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Thursday, August 18, 2022
HomeNewsArchivesV.I. Government to Sell Property of Former Turnbull Aide

V.I. Government to Sell Property of Former Turnbull Aide

Now that he’s begun serving out his eight-year jail sentence, former government aide Alric Simmonds is set to begin repaying some of the $1.2 million he siphoned off from a local government account for his own personal use.
A Justice Department press release announced Tuesday that Simmonds’ assets — including his Palm Gardens condo in Estate Wintberg — will be publicly sold early Wednesday morning. The condo and its contents — some of which will be offered at fixed prices set by the attorney general — will be sold at 10 a.m., with the unsold items going up for auction at 11 a.m., according to the release.
"The … property is a top-level floor condominium overlooked Mahogany Run Golf Course with two bedrooms, one loft, two bathrooms and fully furnished kitchen with granite counter tops and custom made mahogany cabinets," the release said. "The more than 100 items for sale include mahogany wood furniture, crystal decanters, crystal figurines, various art work, sculptures, area rugs, a flat screen television, surround sound system and other electronics."
Proceeds from the sale will go toward related fees and expenses, including advertising and court costs, along with an existing mortgage lien from Banco Popular. The remaining funds will be turned over to the Justice Department to cover the cost of its investigation into Simmonds’ criminal activity.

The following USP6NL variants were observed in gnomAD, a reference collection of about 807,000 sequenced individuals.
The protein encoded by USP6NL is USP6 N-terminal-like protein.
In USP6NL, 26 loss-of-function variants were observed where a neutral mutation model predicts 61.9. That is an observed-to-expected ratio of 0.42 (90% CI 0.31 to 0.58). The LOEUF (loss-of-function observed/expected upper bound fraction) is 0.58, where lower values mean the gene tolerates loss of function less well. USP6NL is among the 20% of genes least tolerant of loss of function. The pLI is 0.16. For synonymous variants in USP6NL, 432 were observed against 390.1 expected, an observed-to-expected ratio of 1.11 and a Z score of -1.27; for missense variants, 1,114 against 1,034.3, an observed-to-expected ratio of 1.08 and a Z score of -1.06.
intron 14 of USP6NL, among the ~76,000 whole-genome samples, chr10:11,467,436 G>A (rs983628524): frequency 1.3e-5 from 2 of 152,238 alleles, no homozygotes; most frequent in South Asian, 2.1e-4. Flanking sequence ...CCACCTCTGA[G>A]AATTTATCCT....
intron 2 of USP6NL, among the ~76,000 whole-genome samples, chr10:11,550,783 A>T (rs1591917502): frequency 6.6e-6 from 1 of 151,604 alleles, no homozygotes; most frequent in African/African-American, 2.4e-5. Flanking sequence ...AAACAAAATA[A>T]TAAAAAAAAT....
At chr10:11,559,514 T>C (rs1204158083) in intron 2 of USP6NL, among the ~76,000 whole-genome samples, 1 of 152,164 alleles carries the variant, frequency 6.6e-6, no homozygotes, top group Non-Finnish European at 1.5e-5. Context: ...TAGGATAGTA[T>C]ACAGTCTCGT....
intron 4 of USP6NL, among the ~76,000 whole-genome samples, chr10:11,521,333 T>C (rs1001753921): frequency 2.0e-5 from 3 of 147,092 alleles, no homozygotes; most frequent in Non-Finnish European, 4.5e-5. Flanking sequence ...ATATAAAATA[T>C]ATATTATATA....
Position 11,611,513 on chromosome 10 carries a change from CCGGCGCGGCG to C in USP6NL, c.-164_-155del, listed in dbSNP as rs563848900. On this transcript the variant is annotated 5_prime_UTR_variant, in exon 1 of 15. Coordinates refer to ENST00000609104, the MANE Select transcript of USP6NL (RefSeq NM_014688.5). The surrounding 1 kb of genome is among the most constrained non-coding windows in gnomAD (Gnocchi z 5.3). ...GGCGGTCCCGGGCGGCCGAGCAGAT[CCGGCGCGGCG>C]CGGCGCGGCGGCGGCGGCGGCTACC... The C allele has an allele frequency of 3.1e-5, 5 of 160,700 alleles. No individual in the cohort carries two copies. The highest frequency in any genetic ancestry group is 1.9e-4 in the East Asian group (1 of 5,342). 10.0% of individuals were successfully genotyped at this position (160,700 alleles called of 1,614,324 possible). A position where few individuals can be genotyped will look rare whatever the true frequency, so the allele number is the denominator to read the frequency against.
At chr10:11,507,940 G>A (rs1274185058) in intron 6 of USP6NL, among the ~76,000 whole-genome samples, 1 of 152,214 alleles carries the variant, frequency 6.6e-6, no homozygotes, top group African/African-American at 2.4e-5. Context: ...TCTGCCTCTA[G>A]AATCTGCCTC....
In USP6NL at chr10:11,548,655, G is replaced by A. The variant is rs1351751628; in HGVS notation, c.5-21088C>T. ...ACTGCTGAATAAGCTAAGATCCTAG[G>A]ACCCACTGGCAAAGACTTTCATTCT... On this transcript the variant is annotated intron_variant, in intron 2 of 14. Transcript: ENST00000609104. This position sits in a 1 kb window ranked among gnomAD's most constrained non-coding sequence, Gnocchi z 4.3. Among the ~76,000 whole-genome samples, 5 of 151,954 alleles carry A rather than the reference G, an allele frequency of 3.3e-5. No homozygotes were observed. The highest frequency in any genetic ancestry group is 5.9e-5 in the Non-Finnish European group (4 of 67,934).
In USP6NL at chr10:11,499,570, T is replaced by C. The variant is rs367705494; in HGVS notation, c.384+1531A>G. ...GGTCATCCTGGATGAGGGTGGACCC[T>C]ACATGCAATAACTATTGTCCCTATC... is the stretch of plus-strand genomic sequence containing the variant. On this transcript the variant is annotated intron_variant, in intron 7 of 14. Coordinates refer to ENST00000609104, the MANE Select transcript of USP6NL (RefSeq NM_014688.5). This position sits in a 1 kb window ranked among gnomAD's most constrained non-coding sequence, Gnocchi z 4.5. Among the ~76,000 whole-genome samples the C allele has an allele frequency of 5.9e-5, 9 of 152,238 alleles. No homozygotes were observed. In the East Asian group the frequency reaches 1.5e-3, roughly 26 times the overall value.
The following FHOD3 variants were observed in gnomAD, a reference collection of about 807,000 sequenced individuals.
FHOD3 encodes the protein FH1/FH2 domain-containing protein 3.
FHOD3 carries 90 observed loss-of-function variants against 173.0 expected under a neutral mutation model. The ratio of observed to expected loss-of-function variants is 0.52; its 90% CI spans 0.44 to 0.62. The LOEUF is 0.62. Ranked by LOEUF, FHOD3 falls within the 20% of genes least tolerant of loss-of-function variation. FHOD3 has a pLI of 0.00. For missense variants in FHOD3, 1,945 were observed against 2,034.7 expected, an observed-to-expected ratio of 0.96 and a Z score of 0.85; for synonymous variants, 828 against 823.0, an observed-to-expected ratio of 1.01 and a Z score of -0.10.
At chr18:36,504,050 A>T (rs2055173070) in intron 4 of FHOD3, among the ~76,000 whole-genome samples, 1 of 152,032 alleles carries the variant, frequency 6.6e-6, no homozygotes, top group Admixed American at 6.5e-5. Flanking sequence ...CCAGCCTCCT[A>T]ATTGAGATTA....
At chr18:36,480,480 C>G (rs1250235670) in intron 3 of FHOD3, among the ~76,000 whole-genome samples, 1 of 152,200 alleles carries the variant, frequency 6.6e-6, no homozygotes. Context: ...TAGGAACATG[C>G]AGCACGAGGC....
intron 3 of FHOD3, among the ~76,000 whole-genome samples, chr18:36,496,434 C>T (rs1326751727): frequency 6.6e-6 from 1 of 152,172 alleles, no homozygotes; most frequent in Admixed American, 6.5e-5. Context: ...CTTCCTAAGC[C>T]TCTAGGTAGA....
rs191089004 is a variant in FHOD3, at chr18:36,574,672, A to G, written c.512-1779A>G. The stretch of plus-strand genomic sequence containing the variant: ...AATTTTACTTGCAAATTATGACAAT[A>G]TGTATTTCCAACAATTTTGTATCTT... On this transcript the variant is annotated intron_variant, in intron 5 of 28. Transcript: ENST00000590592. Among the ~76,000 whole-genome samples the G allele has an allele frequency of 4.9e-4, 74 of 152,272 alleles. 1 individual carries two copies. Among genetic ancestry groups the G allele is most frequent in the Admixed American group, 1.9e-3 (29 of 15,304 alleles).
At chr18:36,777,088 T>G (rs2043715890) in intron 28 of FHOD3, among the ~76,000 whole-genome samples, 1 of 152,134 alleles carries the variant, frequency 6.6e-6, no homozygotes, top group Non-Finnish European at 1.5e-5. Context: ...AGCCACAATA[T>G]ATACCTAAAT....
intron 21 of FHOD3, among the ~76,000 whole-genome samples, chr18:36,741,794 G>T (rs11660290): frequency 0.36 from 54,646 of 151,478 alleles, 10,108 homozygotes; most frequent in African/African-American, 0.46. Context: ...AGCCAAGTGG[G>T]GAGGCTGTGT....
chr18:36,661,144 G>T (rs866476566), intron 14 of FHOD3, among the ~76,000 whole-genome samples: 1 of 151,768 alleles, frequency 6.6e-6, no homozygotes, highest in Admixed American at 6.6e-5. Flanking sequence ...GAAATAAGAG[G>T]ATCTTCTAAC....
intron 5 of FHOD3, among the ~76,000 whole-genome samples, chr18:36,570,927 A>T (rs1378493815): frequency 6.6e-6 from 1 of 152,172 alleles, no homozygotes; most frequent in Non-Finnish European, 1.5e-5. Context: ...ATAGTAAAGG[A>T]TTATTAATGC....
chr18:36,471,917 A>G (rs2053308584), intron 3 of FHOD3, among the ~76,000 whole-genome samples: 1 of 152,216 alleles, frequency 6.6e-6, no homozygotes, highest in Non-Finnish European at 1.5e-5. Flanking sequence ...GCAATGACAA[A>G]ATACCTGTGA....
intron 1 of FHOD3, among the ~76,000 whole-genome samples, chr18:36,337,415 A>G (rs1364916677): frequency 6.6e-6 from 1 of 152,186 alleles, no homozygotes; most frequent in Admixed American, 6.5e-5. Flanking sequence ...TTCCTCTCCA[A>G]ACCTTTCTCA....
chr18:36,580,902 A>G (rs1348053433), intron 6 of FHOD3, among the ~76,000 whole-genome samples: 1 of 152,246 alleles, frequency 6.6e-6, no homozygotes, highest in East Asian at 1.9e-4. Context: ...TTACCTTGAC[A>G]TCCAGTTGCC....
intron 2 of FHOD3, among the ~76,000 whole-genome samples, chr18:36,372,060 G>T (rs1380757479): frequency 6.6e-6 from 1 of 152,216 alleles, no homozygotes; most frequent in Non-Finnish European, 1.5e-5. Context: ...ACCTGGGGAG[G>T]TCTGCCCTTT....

Neither Simmonds nor anyone "acting in concert with him or on his behalf" can buy the property, the release said. Ten percent of the condo’s purchase price has to be paid by certified or bank check at the time of the sale, while the balance has to be paid off within 30 days. Items bought from the sale have to be paid for in cash and removed from the condo by 5 p.m. Wednesday.
Simmonds was sentenced to eight years in prison in June 2008 — almost a year after accepting a plea deal for eight counts of embezzlement, one count of conversion and two counts of grand larceny. At the time of his sentencing, V.I. Superior Court Judge James S. Carroll III — who said that Simmonds’ property would be sold to cover his restitution payments — said the government will also get 75 percent of Simmonds’ retirement checks while he’s in jail and 25 percent of the checks after he gets out.
Simmonds was first arrested in April 2007 and charged with 94 counts of embezzlement, grand larceny and conversion of government funds for checks he wrote against an account originally set to hold funds awarded to the Bureau of Economic Research (BER) for the universal health-care program.
At the time, agents from the V.I. Inspector General’s Office said that Simmonds, over a period of four years, used the account as means to divert other government funds, writing more than 200 checks made payable to himself or to cash.
He was arrested again a few months later, this time on charges that he conspired with another individual to siphon off another $230,000 worth of government funds deposited into the same BER account.
By the end of the government’s investigation, 305 checks were uncovered, and Simmonds had three cases pending against him. After Simmonds accepted the open plea agreement from the government, the cases were consolidated, but the charges against Simmonds still hinged on 145 checks written to purchase lottery tickets from a local dealer and items for his home such as granite countertops and mahogany cabinets.
Simmonds is currently serving out his jail sentence at the Golden Grove Correctional Facility on St. Croix.

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